Social entrepreneurship has recently become a much-desired area of research for academia, practices, and policymaking. Natural or cognitive personal thoughtfulness like loving-kindness meditation (LKM) and compassion trigger individual intentions towards the social entrepreneurial venture. In this process of individual social entrepreneurial intention personality trait plays a very vital role, such as entrepreneurship resilience. For this study, a purposive sampling technique was incorporated and data was collected from 631 business and management sciences students. Data is analyzed by SPSS 23 and for the hypothesis testing, we used the bootstrap analysis of Hayes PROCESS v3.5. This study depicts that LKM has a positive significant impact on compassion and no significant impact on social entrepreneurship intentions while resilience strengthens the direct relationship of compassion with social entrepreneurship and the indirect relationship of LKM with social entrepreneurship via compassion. This study contributes to solving the economic and social problems over the globe especially by boosting the LKM and resilience traits so that the young graduate commence social entrepreneurship. This study helps the academician and policymakers to adopt strategies through which they can encourage youth to indulge in social entrepreneurial ventures solve the social problem and decrease unemployment. Full article
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Article
The Sustainable Success and Growth of Social Ventures: Their Internal and External Factors
Sustainability 2021, 13(9), 5005; https://doi.org/10.3390/su13095005 - 29 Apr 2021
Cited by 2 | Viewed by 957
Abstract
The social venture ecosystem is important for the growth and sustainability of social ventures. This study aims to expand our understanding of the sustainable success and growth of social ventures by analyzing both their internal and external factors using interviews with social venture [...] Read more.
The social venture ecosystem is important for the growth and sustainability of social ventures. This study aims to expand our understanding of the sustainable success and growth of social ventures by analyzing both their internal and external factors using interviews with social venture entrepreneurs and stakeholders in the ecosystem. A qualitative research method is employed to examine the interviewees’ perspectives, and the data were analyzed using the framework of grounded theory. The three-step grounded theory process was performed via open coding, axial coding, and selective coding. The study findings are drawn by organizing the outline according to this coding method. Entrepreneurs’ awareness and willingness to solve social problems led to a sense of challenge, and the formation and maintenance of business models in the preparation stage positively affected the performance of social ventures through internal corporate resources and external cooperation. The study is of academic significance in that it presents a diversified dynamic concept of sustainability of social ventures compared to previous studies, which have been only fragmented studies. It also presents a number of managerial implications for sustainable development and the constant growth of social ventures. Full article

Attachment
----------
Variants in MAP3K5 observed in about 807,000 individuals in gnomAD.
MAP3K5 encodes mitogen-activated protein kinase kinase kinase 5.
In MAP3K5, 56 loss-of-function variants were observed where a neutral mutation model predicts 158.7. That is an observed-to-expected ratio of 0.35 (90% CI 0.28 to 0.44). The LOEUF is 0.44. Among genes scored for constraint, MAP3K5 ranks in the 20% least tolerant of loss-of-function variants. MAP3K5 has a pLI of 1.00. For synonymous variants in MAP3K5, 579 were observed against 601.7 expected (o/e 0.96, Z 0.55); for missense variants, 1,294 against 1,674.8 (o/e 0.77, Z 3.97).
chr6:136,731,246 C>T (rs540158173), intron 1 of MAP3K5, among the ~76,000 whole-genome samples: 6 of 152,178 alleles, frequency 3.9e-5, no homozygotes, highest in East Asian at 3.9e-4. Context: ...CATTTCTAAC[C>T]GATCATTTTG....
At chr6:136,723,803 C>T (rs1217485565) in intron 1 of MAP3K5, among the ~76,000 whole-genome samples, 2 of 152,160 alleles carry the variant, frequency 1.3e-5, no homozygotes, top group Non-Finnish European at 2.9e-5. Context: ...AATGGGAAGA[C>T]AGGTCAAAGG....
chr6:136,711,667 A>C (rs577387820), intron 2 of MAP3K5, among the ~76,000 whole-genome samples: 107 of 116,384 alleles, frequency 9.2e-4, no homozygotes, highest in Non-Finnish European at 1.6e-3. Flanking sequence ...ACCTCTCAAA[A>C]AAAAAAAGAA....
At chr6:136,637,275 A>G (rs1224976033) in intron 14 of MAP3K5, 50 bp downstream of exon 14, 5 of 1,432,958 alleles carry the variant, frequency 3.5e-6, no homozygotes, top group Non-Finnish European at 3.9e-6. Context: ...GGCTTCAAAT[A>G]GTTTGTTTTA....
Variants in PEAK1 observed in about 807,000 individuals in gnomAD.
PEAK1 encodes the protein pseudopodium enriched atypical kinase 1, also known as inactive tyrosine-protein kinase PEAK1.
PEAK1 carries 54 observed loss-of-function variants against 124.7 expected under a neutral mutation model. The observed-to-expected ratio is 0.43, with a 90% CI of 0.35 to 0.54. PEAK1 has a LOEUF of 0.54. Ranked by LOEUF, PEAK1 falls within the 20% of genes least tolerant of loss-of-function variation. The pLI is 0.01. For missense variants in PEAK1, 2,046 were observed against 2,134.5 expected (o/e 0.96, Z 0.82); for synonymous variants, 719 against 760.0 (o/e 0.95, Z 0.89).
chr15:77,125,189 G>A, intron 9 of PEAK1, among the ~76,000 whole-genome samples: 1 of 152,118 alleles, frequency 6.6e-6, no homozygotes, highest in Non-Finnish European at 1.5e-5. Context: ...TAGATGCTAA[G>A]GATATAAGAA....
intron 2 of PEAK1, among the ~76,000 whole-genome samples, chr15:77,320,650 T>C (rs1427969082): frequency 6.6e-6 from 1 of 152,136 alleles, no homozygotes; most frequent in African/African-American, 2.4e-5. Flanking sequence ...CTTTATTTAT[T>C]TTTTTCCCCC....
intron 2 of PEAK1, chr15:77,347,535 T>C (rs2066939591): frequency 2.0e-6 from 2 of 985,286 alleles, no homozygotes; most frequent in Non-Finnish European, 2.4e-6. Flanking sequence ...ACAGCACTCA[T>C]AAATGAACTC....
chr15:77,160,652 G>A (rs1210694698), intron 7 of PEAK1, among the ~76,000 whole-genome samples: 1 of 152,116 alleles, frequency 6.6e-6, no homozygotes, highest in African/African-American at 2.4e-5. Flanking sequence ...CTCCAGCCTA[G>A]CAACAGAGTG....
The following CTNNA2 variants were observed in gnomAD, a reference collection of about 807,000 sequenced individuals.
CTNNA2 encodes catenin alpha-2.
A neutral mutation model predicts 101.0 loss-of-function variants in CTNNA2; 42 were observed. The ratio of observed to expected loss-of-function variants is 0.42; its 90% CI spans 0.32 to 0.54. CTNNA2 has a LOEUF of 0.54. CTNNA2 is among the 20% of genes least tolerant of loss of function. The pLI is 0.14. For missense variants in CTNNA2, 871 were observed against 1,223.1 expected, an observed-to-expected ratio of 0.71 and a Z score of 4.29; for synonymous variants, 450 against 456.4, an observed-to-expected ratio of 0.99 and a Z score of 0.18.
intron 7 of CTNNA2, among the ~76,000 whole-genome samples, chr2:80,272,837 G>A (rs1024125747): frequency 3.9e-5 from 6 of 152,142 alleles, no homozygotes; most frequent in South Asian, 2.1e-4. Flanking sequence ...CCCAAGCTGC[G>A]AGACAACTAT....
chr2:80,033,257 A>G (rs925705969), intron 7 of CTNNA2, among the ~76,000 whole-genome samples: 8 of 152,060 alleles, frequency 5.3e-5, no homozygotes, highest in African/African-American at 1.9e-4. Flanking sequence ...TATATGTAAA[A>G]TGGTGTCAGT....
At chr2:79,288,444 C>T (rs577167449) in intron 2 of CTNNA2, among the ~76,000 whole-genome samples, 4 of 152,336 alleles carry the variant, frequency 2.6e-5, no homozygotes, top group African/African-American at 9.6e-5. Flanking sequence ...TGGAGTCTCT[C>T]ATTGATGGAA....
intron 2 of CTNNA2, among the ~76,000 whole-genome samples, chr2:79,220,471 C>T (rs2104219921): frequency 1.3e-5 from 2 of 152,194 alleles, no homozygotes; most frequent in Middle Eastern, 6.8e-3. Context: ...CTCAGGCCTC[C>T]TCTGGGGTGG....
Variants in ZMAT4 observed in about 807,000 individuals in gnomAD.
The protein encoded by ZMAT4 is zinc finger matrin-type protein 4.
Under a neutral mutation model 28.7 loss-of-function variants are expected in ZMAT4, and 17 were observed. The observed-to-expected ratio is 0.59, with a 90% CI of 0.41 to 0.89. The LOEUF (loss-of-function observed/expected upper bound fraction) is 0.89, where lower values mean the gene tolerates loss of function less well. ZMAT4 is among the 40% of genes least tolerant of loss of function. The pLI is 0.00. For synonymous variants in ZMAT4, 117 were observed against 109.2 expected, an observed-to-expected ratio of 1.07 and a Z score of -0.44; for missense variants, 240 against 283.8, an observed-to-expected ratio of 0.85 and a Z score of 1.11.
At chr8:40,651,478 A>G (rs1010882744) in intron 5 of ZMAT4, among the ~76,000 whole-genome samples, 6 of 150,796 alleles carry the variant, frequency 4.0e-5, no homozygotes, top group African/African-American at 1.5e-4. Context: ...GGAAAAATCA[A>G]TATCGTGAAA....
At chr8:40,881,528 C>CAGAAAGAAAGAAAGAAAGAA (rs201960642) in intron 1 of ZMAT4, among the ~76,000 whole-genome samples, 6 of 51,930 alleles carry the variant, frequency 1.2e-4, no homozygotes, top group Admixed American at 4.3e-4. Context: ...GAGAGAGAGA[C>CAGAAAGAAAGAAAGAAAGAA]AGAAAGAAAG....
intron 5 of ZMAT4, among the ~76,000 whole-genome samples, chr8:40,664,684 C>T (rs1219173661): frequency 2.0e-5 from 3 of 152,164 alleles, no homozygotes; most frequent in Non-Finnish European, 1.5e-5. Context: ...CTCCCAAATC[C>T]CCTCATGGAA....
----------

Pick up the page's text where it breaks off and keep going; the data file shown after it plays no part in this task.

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Article
Social Entrepreneurship in Professional Sports: Antecedents and Outcomes from the Consumer Perspective
Sustainability 2021, 13(3), 1045; https://doi.org/10.3390/su13031045 - 20 Jan 2021
Cited by 2 | Viewed by 916
Abstract
This study empirically explored antecedents and outcomes related to social entrepreneurship in the context of professional sports from the customer’s perspective. Two parent companies—FuBon and ChinaTrust, both financial holding firms—and two franchises—FuBon Guardians and ChinaTrust Elephants—in the Chinese Professional Baseball League were the [...] Read more.
This study empirically explored antecedents and outcomes related to social entrepreneurship in the context of professional sports from the customer’s perspective. Two parent companies—FuBon and ChinaTrust, both financial holding firms—and two franchises—FuBon Guardians and ChinaTrust Elephants—in the Chinese Professional Baseball League were the research elements in this study to ensure generalizability of the findings of this study. The participants of this study were 268 spectators of a FuBon Guardians game and 201 spectators of a ChinaTrust Elephants game. Structural equation modeling was used for data analysis. Results indicated that innovation and corporate social responsibility positively correlated with social entrepreneurship. Moreover, social entrepreneurship was positively associated with affective commitment to the parent company and sports franchise. Finally, affective commitment to the parent company not only exerted a positive effect on the intention to purchase the products of the parent company but also promoted the intention to purchase licensed merchandise and attend games. Similarly, affective commitment to the sports franchise not only exerted a positive effect on the intention to purchase licensed merchandise and attend games but also promoted the intention to purchase the products of the parent company. Theoretical and managerial implications are discussed in this study. Full article